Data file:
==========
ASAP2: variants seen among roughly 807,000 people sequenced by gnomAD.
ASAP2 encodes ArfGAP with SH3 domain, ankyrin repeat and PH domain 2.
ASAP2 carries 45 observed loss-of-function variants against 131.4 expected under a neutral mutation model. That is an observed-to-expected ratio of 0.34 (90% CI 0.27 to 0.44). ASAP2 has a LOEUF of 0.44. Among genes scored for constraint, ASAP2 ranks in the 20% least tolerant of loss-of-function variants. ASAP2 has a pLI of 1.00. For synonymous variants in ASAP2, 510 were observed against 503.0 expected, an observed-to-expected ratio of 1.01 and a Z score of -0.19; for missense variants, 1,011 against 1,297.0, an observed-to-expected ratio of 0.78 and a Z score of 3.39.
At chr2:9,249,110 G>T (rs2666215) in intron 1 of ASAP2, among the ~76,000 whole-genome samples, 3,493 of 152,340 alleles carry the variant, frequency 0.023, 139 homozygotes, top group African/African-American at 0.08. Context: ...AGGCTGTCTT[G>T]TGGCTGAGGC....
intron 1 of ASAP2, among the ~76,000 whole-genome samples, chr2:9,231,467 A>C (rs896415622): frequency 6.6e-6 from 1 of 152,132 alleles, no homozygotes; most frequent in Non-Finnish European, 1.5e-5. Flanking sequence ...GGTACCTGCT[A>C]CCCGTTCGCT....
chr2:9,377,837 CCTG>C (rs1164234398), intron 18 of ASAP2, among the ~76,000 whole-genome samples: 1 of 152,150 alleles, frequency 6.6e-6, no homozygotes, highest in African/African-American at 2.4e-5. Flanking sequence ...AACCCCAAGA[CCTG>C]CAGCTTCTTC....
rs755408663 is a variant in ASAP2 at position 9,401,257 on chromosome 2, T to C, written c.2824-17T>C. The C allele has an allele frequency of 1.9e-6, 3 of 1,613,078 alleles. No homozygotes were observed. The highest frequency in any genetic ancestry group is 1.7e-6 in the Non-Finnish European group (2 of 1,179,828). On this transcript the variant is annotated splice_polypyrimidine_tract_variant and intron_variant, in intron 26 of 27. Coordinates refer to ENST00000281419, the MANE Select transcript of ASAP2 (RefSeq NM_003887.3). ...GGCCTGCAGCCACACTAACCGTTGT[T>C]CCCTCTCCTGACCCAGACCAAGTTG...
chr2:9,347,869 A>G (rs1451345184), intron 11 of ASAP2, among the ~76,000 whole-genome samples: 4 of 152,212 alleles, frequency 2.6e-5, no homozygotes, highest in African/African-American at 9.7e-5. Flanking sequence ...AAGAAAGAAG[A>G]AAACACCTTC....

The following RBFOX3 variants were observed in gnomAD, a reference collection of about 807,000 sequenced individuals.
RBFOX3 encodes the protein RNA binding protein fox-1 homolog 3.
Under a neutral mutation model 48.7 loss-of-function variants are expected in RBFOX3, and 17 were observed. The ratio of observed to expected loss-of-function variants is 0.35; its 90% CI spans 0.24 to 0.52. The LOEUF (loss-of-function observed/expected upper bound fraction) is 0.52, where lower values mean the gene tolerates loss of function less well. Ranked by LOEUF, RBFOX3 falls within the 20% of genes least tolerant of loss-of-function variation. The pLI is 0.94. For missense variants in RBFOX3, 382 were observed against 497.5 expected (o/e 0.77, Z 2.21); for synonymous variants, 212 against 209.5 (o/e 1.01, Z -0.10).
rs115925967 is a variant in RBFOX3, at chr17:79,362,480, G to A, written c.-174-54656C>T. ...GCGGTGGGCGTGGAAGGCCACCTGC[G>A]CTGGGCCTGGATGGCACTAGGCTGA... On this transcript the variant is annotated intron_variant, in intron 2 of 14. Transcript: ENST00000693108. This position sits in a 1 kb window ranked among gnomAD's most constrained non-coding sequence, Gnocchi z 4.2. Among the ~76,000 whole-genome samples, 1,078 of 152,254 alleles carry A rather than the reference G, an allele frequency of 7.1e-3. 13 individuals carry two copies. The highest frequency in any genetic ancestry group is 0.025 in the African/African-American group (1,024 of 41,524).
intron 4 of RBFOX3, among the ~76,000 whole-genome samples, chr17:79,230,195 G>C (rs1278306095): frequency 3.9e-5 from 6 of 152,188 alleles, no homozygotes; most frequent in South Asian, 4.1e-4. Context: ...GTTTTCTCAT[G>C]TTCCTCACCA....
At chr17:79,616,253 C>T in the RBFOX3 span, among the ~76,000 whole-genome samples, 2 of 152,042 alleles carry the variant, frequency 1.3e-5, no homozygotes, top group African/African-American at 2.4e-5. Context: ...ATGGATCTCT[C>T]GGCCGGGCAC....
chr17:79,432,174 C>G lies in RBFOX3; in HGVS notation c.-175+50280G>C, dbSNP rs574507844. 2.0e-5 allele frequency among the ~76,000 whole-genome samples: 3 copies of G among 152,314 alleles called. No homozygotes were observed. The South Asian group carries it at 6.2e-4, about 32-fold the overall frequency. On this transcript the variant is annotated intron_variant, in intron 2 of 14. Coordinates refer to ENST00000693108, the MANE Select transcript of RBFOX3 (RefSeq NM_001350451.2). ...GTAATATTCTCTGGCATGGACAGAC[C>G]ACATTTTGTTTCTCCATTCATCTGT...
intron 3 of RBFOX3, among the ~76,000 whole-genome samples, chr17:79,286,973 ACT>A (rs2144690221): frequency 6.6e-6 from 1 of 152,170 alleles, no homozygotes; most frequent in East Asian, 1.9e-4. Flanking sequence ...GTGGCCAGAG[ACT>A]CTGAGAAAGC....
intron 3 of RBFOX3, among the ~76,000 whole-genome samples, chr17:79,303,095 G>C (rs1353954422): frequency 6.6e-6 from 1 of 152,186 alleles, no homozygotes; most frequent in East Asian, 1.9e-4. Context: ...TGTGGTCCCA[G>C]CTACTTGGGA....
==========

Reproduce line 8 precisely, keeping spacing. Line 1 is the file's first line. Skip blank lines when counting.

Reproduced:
chr2:9,347,869 A>G (rs1451345184), intron 11 of ASAP2, among the ~76,000 whole-genome samples: 4 of 152,212 alleles, frequency 2.6e-5, no homozygotes, highest in African/African-American at 9.7e-5. Flanking sequence ...AAGAAAGAAG[A>G]AAACACCTTC....